Russ Jacobsohn's "Rocking Horse" is our featured artwork for July 2009.
Russ Jacobsohn is a master craftsman, woodworker and functional artist known for his handcrafted animal rockers. Originally from Wilmington, Delaware, he relocated to the Upper Cumberland in 1979 and since that time, he hasn’t given any serious thought to living anywhere else.
“When I first moved here I was happy just to have perfect weather and live in the forest. Then I learned that there were hundreds of talented people in the area and an amazing support group for an artistic lifestyle. I was fortunate enough to find myself in a community with exceptional public television, public radio, symphony and support for the arts.”
Russ loves the ready availability of great wood in Tennessee. He crafts each of his pieces from hand using solid hardwoods like cherry, oak, walnut, maple, mahogany and cedar.
“I am 62 and I started working with wood in my 20s. I am mostly self-taught but I have had the good luck to get help along the way from more experienced woodworkers and artists in related fields.”
In 1982, Russ carved his first rocking horse and he has been hooked ever since. His rocking critters have been featured on TV programs like “Tennessee Crossroads” and “Modern Masters.” He will carve any animal upon request. His rocking menagerie includes horses, whales, chickens, rabbits, turtles, alligators, elephants, moose, giraffes, pigs, mules and frogs, just to name a few. Currently he has a commission for rocking dragons.
“My biggest customers are grandparents who want their gift to their grandchildren to be something really special that will last for many generations. No two rockers that I ever do are the same. Sometimes the wood inspires me to go in one direction or another. Sometimes I find a piece of wood that suggests what I need to do with it. Part of the joy is having complete freedom of creativity every day.”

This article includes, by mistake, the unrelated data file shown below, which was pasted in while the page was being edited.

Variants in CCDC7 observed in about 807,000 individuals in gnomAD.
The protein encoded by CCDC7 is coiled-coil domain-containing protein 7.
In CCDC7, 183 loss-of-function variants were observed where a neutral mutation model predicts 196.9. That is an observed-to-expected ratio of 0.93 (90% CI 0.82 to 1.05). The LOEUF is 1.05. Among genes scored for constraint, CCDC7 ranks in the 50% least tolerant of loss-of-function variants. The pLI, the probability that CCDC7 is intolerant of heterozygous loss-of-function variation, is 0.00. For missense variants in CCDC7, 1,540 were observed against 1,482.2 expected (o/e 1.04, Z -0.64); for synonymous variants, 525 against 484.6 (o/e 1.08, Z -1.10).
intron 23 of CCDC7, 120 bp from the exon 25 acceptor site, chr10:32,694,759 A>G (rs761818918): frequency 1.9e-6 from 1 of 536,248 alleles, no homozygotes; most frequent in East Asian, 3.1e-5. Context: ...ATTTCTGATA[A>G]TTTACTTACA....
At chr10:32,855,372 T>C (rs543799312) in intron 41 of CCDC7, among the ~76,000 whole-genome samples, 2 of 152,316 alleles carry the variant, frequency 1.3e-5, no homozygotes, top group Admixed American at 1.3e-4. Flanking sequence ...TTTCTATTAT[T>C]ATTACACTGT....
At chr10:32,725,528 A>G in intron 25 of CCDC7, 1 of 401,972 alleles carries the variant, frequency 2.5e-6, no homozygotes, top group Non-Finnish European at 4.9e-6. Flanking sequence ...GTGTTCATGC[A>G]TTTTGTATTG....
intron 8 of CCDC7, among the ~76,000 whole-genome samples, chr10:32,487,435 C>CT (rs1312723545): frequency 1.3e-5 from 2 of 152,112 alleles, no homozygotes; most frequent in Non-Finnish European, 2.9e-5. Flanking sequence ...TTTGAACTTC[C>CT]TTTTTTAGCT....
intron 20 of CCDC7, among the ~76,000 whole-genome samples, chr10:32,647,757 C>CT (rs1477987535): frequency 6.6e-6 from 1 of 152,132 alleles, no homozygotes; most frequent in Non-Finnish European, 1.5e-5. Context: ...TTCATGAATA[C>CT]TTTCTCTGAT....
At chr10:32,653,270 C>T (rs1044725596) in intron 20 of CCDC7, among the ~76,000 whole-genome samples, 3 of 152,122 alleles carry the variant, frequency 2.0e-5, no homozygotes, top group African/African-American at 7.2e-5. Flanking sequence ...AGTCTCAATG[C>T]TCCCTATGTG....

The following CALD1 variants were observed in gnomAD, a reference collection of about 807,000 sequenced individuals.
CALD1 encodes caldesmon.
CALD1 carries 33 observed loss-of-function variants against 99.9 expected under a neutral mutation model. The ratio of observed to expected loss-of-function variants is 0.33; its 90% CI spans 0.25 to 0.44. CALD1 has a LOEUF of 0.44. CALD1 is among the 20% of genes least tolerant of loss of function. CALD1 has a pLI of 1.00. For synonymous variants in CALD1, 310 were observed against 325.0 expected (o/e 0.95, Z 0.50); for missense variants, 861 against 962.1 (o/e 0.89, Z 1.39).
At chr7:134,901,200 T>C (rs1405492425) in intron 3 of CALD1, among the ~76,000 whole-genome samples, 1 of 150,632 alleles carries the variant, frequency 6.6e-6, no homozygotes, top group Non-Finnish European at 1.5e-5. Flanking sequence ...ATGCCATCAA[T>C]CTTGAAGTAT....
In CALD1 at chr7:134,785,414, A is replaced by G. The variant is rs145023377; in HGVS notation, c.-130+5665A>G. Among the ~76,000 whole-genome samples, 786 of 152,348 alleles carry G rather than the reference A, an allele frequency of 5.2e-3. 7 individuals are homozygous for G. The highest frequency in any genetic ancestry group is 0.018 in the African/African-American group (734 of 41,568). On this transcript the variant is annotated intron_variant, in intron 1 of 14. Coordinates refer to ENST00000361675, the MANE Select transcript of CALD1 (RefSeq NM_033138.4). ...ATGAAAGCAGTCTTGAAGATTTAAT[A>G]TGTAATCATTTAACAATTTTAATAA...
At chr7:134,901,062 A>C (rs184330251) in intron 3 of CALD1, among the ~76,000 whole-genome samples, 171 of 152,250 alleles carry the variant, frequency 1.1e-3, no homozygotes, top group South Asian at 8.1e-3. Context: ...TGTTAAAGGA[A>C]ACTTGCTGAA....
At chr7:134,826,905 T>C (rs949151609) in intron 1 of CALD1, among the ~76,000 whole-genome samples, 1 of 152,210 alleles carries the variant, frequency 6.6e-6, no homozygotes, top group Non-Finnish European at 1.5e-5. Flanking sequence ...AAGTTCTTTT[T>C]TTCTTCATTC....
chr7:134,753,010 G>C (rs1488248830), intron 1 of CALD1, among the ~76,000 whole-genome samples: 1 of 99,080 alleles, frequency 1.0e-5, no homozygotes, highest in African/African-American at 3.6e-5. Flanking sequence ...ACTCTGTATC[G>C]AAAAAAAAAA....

Russ considers himself lucky to be here and living his dream. His motivation for creating his rocking beasties may be found in an artist’s statement he wrote for the Craft Fair of the Southern Highlands in 2008.
“I enjoy sharing my love of animals through my rocking critters, knowing that because I make them with the best materials and craftsmanship, that they will last for generations. I know this to be true already because after 25 years, I am beginning to meet the young children who are now riding the horse their parents rode. All of us would like to think we have made some kind of difference in this world. I would like to believe that my ever growing herd of rocking animals brought a little more joy into the lives of the children who rode them.”
You can find out more about the work of Russ Jacobsohn at his website.
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